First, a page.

The audience also voted for their favorite robot based on design, and the winner was honored with the best design award.
Children and their rooster robots
The robot contest
An awards ceremony took place on the main stage of the festival after the event, and the winners of the contest and best design award accepted their prizes--roasted shamo chicken and shamo curry.
Contest winner Yudai Kanno commented, "I am very happy that I won the contest because this is my last year in elementary school and my last opportunity to participate in Shamo Robocon.
Group photo of participants with Mayor Furukawa
Mayor Furukawa of Kawamata
"I am glad we successfully completed the third Kawamata Shamo Robocon this year. Kawamata and Tokyo Tech fostered close ties over the years, but I am especially grateful to the student who came to Kawamata for an internship in the wake of the Great East Japan Earthquake and others who took the initiative to plan Shamo Robocon and continue to be involved.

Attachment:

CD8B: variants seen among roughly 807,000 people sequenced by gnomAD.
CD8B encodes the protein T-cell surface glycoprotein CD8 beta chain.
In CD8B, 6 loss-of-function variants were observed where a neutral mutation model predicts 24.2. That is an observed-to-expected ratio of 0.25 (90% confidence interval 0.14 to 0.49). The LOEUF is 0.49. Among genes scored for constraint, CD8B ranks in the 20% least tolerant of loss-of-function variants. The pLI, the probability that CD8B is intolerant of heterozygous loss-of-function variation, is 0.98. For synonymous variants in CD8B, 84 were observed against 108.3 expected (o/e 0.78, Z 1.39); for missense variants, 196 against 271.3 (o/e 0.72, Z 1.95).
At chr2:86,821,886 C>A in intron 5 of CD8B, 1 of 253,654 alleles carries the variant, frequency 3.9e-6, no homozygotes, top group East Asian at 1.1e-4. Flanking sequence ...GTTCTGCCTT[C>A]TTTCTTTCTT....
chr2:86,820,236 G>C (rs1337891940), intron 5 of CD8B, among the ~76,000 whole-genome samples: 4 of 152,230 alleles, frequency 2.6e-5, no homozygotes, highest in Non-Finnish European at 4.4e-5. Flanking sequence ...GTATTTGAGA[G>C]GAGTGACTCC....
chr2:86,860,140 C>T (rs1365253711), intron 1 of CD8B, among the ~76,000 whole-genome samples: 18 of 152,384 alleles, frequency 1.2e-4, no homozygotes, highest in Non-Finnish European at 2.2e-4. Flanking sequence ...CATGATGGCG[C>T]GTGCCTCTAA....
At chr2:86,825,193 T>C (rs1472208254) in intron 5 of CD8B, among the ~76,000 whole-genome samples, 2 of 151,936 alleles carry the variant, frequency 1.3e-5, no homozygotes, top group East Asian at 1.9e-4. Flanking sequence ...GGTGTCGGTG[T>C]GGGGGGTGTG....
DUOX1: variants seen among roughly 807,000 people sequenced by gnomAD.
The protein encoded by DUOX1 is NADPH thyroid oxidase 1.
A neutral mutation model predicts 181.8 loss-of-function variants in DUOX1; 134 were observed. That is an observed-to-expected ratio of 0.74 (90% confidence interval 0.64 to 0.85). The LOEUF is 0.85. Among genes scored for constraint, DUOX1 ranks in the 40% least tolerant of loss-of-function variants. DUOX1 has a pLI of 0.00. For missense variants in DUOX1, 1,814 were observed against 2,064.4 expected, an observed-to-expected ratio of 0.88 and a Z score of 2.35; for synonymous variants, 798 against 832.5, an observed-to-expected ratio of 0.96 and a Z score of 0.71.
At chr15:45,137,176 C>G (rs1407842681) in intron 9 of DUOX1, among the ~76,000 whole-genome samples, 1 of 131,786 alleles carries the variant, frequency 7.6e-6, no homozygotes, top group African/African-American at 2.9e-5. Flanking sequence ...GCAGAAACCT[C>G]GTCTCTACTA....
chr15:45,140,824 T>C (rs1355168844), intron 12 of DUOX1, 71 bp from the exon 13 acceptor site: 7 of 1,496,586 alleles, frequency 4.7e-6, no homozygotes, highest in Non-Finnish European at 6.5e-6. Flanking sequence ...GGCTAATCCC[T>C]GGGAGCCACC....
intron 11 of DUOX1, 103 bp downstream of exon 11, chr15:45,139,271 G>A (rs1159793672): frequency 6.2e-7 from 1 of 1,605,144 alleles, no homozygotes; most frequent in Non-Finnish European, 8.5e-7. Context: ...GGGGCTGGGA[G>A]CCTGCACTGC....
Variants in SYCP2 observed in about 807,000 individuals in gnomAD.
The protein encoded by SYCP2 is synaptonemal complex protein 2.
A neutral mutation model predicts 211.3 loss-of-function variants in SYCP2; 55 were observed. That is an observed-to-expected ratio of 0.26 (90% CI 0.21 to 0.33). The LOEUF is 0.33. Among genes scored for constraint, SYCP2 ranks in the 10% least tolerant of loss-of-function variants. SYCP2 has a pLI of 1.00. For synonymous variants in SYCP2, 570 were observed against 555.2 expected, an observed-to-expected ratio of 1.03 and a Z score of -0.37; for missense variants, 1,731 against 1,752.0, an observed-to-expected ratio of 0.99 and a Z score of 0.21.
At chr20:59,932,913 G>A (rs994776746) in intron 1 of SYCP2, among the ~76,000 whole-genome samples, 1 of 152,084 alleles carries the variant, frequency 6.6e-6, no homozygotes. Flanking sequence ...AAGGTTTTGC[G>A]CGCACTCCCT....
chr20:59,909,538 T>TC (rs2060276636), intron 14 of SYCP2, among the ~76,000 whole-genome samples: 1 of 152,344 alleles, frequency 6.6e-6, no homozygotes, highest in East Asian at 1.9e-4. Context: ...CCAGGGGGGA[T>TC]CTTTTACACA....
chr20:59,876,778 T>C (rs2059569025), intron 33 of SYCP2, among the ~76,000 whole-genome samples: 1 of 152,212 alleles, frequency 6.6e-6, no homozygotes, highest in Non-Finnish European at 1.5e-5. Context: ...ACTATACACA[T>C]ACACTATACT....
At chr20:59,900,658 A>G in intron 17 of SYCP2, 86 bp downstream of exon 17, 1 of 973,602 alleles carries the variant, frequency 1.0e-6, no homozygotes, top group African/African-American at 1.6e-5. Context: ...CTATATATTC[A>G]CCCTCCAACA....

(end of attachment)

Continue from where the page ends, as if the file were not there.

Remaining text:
In 2014, Tokyo Tech students invited students of Tohoku University and Fukushima National College of Technology to join the event, and they formed the Shamo Robocon Committe. The event has been recognized by the government as a relief project for municipalities impacted by the nuclear power plant accident, and Shamo Robocon became an official town project. I am very pleased that the relationship between Kawamata and Tokyo Tech continues to develop.
The students came up with a truly unique idea of combining shamo--our local specialty--with robot contest. They devise the rules, come up with storylines, and work together with children. I believe children see this process and get inspired to become engineers. The bright, promising children of Kawamata and our ties with Tokyo Tech students are an asset to the town, and we will continue to treasure them.